Polling and research firm YouGov today reported its first profits fall in eight years as the firm felt the brunt of recession.
The company – well-known for its political polling – saw underlying pre-tax profits slide 59% to £3.9m (€4.2m) in the year to July 31.
The firm said the results suffered due to extra staff taken on the previous year in anticipation of new business which failed to emerge following the slump.
“In simple terms we let our cost base get ahead of our income,” chairman Roger Parry said.
YouGov – which introduced new products such as Recession Tracker and Debt Tracker to monitor how consumers are coping with the downturn – shed nearly 10% of its staff during the period, while underlying revenues fell by 3%.
YouGov expects the current challenging climate to persist as clients keep a tight rein on spending and competition increases in the sector.
But the firm’s cost-cutting drive should save it around £2.5m (€2.7m) a year. It is also confident of growing market share with the launch of a new technology platform allowing it to carry out global research across all markets more easily.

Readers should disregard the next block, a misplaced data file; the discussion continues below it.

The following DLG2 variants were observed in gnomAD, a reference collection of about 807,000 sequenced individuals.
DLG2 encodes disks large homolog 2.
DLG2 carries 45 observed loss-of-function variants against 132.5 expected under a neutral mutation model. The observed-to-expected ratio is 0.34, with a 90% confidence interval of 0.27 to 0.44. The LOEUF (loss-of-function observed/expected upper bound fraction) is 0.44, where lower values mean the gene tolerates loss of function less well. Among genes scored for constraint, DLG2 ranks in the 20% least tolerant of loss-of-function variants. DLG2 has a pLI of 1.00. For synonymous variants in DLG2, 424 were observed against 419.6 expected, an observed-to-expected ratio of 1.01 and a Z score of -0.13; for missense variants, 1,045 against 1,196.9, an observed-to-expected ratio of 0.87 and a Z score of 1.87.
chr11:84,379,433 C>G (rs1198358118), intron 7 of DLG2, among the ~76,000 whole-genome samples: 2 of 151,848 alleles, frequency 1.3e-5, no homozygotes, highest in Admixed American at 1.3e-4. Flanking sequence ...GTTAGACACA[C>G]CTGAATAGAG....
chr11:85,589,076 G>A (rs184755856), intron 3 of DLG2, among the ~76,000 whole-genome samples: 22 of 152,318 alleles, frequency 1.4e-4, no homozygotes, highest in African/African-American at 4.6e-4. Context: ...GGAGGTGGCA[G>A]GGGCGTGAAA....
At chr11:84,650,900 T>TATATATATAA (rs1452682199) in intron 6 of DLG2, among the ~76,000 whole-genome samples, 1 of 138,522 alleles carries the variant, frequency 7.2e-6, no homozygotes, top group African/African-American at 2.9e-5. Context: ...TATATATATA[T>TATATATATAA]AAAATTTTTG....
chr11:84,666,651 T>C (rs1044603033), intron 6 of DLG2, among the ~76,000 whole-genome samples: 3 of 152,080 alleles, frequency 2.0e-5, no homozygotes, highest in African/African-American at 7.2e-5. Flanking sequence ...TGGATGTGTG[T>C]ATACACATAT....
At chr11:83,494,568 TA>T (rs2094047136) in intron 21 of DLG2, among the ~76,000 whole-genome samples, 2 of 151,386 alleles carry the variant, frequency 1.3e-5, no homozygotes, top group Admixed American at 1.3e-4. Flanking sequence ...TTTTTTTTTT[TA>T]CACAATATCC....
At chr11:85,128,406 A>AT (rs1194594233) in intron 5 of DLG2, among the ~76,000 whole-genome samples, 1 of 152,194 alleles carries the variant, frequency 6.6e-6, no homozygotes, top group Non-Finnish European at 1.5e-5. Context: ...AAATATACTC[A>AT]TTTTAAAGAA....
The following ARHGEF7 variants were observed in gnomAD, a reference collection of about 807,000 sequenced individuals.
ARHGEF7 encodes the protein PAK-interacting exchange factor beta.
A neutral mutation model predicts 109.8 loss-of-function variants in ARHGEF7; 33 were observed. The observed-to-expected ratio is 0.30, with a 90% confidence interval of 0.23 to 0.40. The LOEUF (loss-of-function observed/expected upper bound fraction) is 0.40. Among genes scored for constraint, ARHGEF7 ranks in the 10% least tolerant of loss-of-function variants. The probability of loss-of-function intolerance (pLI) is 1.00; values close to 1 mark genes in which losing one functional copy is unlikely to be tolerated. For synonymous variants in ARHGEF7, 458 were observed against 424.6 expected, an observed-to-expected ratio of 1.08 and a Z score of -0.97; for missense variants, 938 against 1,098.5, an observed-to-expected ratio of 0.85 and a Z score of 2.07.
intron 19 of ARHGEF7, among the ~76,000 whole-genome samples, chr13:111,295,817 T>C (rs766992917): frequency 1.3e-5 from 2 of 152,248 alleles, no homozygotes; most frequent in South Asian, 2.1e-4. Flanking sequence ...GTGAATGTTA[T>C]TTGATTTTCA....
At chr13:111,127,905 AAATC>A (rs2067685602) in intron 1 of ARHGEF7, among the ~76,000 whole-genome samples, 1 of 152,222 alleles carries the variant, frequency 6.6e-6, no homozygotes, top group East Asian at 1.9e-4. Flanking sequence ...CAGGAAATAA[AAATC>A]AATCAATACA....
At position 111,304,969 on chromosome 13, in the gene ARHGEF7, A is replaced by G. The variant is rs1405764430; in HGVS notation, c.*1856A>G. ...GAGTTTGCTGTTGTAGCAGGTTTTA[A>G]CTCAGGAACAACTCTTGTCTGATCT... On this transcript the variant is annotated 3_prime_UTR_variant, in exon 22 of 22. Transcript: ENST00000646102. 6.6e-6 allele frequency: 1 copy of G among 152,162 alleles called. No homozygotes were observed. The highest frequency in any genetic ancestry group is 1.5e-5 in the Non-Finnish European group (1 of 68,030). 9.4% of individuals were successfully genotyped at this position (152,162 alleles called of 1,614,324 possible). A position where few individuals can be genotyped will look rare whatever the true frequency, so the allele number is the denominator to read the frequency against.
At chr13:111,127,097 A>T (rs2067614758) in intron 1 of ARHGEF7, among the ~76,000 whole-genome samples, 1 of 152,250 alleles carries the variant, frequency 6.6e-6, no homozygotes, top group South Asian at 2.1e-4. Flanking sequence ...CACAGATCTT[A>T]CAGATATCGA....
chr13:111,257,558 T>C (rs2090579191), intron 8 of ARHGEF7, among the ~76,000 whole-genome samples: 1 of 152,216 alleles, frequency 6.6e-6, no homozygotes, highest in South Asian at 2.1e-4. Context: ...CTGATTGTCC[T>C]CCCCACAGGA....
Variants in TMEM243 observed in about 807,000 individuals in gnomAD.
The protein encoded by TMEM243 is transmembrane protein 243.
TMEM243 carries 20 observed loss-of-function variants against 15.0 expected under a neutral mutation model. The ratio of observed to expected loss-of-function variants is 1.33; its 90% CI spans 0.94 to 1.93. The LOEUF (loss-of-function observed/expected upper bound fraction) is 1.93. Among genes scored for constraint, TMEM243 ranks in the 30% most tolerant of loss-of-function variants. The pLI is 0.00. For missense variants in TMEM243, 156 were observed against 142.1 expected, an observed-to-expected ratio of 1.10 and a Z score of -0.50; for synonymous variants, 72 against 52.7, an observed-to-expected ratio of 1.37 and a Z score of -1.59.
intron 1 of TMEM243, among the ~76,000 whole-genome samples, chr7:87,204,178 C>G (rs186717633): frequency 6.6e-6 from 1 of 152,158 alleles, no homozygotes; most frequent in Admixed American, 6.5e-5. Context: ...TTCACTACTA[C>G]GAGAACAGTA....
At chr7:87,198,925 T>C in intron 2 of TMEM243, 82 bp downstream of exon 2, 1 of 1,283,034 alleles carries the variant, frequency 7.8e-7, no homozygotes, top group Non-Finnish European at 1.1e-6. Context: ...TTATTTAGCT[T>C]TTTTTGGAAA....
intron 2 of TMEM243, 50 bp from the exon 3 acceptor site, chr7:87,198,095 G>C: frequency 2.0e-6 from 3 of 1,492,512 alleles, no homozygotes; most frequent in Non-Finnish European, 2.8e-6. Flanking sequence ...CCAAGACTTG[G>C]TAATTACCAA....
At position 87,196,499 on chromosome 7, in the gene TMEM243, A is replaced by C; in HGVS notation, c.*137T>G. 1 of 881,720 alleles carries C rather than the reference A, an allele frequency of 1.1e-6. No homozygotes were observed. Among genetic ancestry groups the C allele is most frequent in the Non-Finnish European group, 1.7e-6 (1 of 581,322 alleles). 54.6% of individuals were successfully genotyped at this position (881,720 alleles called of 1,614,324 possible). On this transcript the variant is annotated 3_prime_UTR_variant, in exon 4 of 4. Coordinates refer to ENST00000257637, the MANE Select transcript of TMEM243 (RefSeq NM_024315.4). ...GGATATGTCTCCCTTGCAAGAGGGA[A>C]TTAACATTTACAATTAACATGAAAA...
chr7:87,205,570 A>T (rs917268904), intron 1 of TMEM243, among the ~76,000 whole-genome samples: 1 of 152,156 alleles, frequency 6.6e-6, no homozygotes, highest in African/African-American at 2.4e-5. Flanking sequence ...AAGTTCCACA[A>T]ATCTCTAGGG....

YouGov’s leading products include BrandIndex – which tracks consumer perceptions of more than 1,100 brands – and its Omnibus daily survey of 2,000 people allowing clients to take snapshots of attitudes and opinions.
The group also enhanced its reputation for political polling last year by accurately predicting Barack Obama’s US election win with 52% of the public vote.
In the UK, the firm’s major clients this year included supermarket Asda, Costa Coffee and News International, which owns newspapers including The Sun and The Times.
But revenues were down 12% because of much lower sales from providing data to investment fund managers due to the financial crisis.
Shares in YouGov rose 2% today as analysts said the results showed signs of stabilisation after a major profit warning in February.
Panmure Gordon’s Alex DeGroote said: “It is encouraging that full-year results are basically in line, at least at the profits level.”